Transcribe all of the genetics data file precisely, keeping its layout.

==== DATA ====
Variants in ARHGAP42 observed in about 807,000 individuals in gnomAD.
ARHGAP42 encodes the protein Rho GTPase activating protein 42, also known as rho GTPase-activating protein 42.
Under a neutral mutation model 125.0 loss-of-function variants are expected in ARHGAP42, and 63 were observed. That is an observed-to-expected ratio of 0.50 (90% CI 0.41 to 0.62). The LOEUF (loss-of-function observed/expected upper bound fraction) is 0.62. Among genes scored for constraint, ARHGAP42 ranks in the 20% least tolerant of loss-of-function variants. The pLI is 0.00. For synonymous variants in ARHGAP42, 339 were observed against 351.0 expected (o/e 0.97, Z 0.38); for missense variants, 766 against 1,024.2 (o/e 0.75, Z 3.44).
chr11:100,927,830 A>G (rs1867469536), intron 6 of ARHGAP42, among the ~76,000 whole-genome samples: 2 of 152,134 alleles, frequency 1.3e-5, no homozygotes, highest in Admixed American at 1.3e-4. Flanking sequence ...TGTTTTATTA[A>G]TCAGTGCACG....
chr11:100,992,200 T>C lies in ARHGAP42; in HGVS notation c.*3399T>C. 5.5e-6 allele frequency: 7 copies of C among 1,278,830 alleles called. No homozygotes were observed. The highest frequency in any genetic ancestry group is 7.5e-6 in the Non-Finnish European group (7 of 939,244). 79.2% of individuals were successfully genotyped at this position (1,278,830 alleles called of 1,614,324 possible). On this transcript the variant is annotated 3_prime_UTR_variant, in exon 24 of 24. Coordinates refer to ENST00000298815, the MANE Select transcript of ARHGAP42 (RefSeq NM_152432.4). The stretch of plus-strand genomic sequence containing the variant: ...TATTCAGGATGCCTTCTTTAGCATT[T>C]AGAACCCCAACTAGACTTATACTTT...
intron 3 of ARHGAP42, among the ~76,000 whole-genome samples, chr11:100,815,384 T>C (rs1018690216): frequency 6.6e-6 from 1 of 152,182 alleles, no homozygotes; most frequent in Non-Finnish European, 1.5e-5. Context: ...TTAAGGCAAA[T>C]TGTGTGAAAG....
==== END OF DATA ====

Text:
Variants in ARHGAP42 observed in about 807,000 individuals in gnomAD.
ARHGAP42 encodes the protein Rho GTPase activating protein 42, also known as rho GTPase-activating protein 42.
Under a neutral mutation model 125.0 loss-of-function variants are expected in ARHGAP42, and 63 were observed. That is an observed-to-expected ratio of 0.50 (90% CI 0.41 to 0.62). The LOEUF (loss-of-function observed/expected upper bound fraction) is 0.62. Among genes scored for constraint, ARHGAP42 ranks in the 20% least tolerant of loss-of-function variants. The pLI is 0.00. For synonymous variants in ARHGAP42, 339 were observed against 351.0 expected (o/e 0.97, Z 0.38); for missense variants, 766 against 1,024.2 (o/e 0.75, Z 3.44).
chr11:100,927,830 A>G (rs1867469536), intron 6 of ARHGAP42, among the ~76,000 whole-genome samples: 2 of 152,134 alleles, frequency 1.3e-5, no homozygotes, highest in Admixed American at 1.3e-4. Flanking sequence ...TGTTTTATTA[A>G]TCAGTGCACG....
chr11:100,992,200 T>C lies in ARHGAP42; in HGVS notation c.*3399T>C. 5.5e-6 allele frequency: 7 copies of C among 1,278,830 alleles called. No homozygotes were observed. The highest frequency in any genetic ancestry group is 7.5e-6 in the Non-Finnish European group (7 of 939,244). 79.2% of individuals were successfully genotyped at this position (1,278,830 alleles called of 1,614,324 possible). On this transcript the variant is annotated 3_prime_UTR_variant, in exon 24 of 24. Coordinates refer to ENST00000298815, the MANE Select transcript of ARHGAP42 (RefSeq NM_152432.4). The stretch of plus-strand genomic sequence containing the variant: ...TATTCAGGATGCCTTCTTTAGCATT[T>C]AGAACCCCAACTAGACTTATACTTT...
intron 3 of ARHGAP42, among the ~76,000 whole-genome samples, chr11:100,815,384 T>C (rs1018690216): frequency 6.6e-6 from 1 of 152,182 alleles, no homozygotes; most frequent in Non-Finnish European, 1.5e-5. Context: ...TTAAGGCAAA[T>C]TGTGTGAAAG....